Selecting a Pump Model, Horsepower, & Impeller Size

This part of the Pump Tutorial Series.  The 1st page is at  Pumps: Selecting-a pump step-by-step.

Selecting a Pump Model, Horsepower, & Impeller Size

The best and easiest way:  contact a pump dealer and give him/her the pressure you need (feet head or  PSI), and the volume (GPM) you want to pump, they can figure out which pump you need.  This is the best way to select a pump, as the dealers know their pump lines much better than you. They may suggest a pump you don’t even know about.

The Do-It-Yourself way

The rest of this page will take you through the process of selecting the right pump model for your irrigation system.  It is assumed you read the previous pages and already have decided what type of pump you need and you know, or will soon know the pressure and flow your pump will need to produce.

Generally it is not a good idea to buy an “off-the-shelf” boxed pump at a store for use on an irrigation system. Most of those pumps do not provide sufficient performance information on the packaging for you to be able to tell if the pump is sufficient for your system.  Off-the-shelf pumps are fine for fountains, draining a pool, running a sprinkler on the end of a hose, or other uses that don’t require precision. The wasted power used by the wrong size pump on an irrigation system can easily cost you far more than the savings you get from buying a discount pump. If you guess wrong and the pump isn’t big enough, you will become one of those poor people trying to unload a brand new pump for half what you paid for it at an online auction!

Pump Curves

A pump curve is a simple graph which shows the performance characteristics of a particular pump.  Some pump manufacturers use charts rather than curves, the idea is the same, curves just tend to be more flexible to use.  Pump curves are created by the pump manufacturer based on test results of the various pump models the manufacturer produces. The pump manufacturer should be able to provide you with performance curves for the pumps you are considering. Remember, there is always an inverse relationship between pressure and flow. Higher pressures mean lower flows. Lower pressures result in higher flows. Here’s a sample pump curve for study:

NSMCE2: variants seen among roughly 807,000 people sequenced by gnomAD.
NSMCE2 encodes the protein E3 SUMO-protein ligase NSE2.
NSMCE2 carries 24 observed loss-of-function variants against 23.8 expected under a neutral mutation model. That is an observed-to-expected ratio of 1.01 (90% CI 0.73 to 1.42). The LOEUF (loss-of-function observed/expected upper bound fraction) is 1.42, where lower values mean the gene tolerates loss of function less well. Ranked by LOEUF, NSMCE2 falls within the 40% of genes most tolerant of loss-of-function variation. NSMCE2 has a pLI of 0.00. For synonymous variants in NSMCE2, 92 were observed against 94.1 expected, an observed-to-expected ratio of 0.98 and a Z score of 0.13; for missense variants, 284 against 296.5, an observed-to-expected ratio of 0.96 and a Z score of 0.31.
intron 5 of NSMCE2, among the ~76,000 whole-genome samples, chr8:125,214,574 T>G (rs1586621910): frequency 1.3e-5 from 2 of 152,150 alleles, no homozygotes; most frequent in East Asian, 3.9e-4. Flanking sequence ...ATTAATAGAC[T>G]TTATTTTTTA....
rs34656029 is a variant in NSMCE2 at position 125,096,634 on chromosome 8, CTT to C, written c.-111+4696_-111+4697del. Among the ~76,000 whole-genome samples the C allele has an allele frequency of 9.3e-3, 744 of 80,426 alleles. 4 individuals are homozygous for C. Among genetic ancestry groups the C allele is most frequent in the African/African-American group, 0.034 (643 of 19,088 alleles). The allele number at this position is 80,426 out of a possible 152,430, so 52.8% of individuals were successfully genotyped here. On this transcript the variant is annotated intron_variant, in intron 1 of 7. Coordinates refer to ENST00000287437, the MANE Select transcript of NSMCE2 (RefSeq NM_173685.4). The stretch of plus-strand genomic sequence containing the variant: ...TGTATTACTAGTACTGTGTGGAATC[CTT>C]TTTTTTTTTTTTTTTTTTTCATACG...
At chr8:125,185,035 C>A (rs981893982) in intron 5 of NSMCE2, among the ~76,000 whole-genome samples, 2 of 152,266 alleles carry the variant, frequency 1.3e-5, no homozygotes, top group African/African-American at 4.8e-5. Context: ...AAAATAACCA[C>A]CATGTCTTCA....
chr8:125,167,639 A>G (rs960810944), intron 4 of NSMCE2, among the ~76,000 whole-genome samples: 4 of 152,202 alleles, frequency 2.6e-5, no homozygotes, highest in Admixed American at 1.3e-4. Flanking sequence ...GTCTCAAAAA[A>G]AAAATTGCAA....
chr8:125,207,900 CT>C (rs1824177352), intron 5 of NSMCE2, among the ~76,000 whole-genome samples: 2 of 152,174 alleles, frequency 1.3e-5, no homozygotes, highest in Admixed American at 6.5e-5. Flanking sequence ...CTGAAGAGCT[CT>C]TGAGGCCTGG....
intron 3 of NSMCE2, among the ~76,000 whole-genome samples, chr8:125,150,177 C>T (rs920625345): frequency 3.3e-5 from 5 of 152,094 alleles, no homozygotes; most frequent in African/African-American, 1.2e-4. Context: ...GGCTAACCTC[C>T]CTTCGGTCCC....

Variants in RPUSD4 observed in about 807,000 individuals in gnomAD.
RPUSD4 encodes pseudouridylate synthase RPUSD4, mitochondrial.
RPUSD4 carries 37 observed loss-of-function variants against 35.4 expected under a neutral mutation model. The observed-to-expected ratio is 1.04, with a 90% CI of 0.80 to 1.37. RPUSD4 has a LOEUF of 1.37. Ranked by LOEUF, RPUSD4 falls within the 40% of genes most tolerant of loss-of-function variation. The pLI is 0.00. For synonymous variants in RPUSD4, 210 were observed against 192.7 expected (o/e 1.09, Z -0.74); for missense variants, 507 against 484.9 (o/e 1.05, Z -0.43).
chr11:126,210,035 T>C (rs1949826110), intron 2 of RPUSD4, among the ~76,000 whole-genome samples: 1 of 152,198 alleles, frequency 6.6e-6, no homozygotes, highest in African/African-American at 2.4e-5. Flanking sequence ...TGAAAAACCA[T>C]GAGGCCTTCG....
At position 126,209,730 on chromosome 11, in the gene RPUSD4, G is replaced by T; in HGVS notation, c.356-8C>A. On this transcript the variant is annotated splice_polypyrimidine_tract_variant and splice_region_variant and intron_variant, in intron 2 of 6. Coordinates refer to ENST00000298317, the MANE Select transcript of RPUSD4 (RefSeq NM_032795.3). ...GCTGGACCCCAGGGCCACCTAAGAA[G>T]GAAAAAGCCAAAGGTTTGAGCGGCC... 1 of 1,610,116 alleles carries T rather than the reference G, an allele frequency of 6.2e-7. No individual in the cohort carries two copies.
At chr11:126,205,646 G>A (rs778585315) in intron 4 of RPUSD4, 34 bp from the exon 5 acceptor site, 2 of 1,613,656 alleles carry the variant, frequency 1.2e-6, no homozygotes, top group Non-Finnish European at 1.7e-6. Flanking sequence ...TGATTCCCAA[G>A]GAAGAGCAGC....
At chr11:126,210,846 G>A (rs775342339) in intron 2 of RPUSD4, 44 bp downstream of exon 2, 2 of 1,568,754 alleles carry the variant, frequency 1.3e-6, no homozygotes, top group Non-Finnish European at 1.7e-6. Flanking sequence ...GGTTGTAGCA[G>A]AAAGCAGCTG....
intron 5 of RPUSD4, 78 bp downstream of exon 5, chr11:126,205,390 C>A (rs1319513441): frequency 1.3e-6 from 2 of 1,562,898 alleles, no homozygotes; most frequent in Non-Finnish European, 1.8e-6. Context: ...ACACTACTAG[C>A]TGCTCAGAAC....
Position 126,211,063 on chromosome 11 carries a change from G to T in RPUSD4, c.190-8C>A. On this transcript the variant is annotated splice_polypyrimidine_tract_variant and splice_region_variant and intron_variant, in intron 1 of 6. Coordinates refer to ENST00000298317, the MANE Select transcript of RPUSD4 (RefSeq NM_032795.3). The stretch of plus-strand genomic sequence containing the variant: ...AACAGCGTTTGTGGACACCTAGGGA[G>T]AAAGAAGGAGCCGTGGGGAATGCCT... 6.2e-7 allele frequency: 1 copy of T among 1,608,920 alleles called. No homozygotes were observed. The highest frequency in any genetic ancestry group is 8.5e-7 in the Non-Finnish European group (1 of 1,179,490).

OK, that was a big help, right? No? OK, so how in the world do you use the thing?  Here’s a step-by-step guide to the pump curve above. The pump curve above is for a centrifugal type pump, but the curves for other pump types are used the same way.

Each pump curve typically reflects a single model of pump made by the manufacturer. At the top right of the chart you will notice it gives the pump speed, in the chart above this is 3500 RPM. It is said that higher speed pumps wear out faster, but to be honest, we have never noticed a difference.  We pretty much ignore the speed and try to select the pump with the best performance for our needs.  There are other opinions on this, so be aware it is one of those areas of disagreement in the industry.

For each model there are two variables which effect the pump performance. The first is the horsepower of the motor attached to the pump. Remember, what we commonly refer to as a pump is actually combination of two items: a pump and motor. The pump is the part that moves the water, the motor is the part that moves the pump! Most pumps can be attached to several different sizes of motor. Bigger motors mean more volume and pressure.

The second variable is the size of the impeller. As you remember the impeller spins inside the case and this is what moves the water. Larger impellers move the water faster creating more centrifugal force.  This results in higher pressures.

Look at the left side of the curve and you will see a label HEAD – FT and numbers starting with 0 and increasing as you move up the chart. This is the pressure that the pump is capable of producing, measured in feet of head (not PSI!)  The bottom of the curve is labeled US GPM. This is the flow that the pump produces.

Finding the proper pump is just a matter of selecting a model and size that will produce both the head and GPM that you need. To do this you select the horsepower and impeller size that will give you the desired performance.

Using the Curves